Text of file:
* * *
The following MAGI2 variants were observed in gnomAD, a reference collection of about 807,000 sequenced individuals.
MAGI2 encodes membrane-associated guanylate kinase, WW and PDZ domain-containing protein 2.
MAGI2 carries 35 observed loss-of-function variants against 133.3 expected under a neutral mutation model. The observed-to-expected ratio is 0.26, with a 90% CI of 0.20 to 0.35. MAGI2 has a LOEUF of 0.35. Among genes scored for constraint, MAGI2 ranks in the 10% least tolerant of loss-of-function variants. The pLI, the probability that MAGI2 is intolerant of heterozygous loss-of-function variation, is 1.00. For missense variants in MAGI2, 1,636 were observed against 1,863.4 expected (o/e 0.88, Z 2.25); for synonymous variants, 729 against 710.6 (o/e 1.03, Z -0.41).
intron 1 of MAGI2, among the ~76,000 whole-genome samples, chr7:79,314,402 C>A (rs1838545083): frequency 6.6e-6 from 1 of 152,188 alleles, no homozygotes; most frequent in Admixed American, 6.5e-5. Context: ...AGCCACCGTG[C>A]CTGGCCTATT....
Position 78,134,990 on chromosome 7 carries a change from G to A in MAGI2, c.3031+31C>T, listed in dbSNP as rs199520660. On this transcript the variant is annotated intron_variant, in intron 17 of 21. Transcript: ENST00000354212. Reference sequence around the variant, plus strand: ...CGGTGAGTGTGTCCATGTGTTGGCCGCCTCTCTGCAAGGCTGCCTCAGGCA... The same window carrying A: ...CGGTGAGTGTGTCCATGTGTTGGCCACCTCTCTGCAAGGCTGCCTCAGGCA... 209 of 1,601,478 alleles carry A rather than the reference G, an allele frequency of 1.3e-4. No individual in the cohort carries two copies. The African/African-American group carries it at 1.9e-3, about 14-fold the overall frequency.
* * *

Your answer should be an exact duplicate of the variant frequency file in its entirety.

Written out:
The following MAGI2 variants were observed in gnomAD, a reference collection of about 807,000 sequenced individuals.
MAGI2 encodes membrane-associated guanylate kinase, WW and PDZ domain-containing protein 2.
MAGI2 carries 35 observed loss-of-function variants against 133.3 expected under a neutral mutation model. The observed-to-expected ratio is 0.26, with a 90% CI of 0.20 to 0.35. MAGI2 has a LOEUF of 0.35. Among genes scored for constraint, MAGI2 ranks in the 10% least tolerant of loss-of-function variants. The pLI, the probability that MAGI2 is intolerant of heterozygous loss-of-function variation, is 1.00. For missense variants in MAGI2, 1,636 were observed against 1,863.4 expected (o/e 0.88, Z 2.25); for synonymous variants, 729 against 710.6 (o/e 1.03, Z -0.41).
intron 1 of MAGI2, among the ~76,000 whole-genome samples, chr7:79,314,402 C>A (rs1838545083): frequency 6.6e-6 from 1 of 152,188 alleles, no homozygotes; most frequent in Admixed American, 6.5e-5. Context: ...AGCCACCGTG[C>A]CTGGCCTATT....
Position 78,134,990 on chromosome 7 carries a change from G to A in MAGI2, c.3031+31C>T, listed in dbSNP as rs199520660. On this transcript the variant is annotated intron_variant, in intron 17 of 21. Transcript: ENST00000354212. Reference sequence around the variant, plus strand: ...CGGTGAGTGTGTCCATGTGTTGGCCGCCTCTCTGCAAGGCTGCCTCAGGCA... The same window carrying A: ...CGGTGAGTGTGTCCATGTGTTGGCCACCTCTCTGCAAGGCTGCCTCAGGCA... 209 of 1,601,478 alleles carry A rather than the reference G, an allele frequency of 1.3e-4. No individual in the cohort carries two copies. The African/African-American group carries it at 1.9e-3, about 14-fold the overall frequency.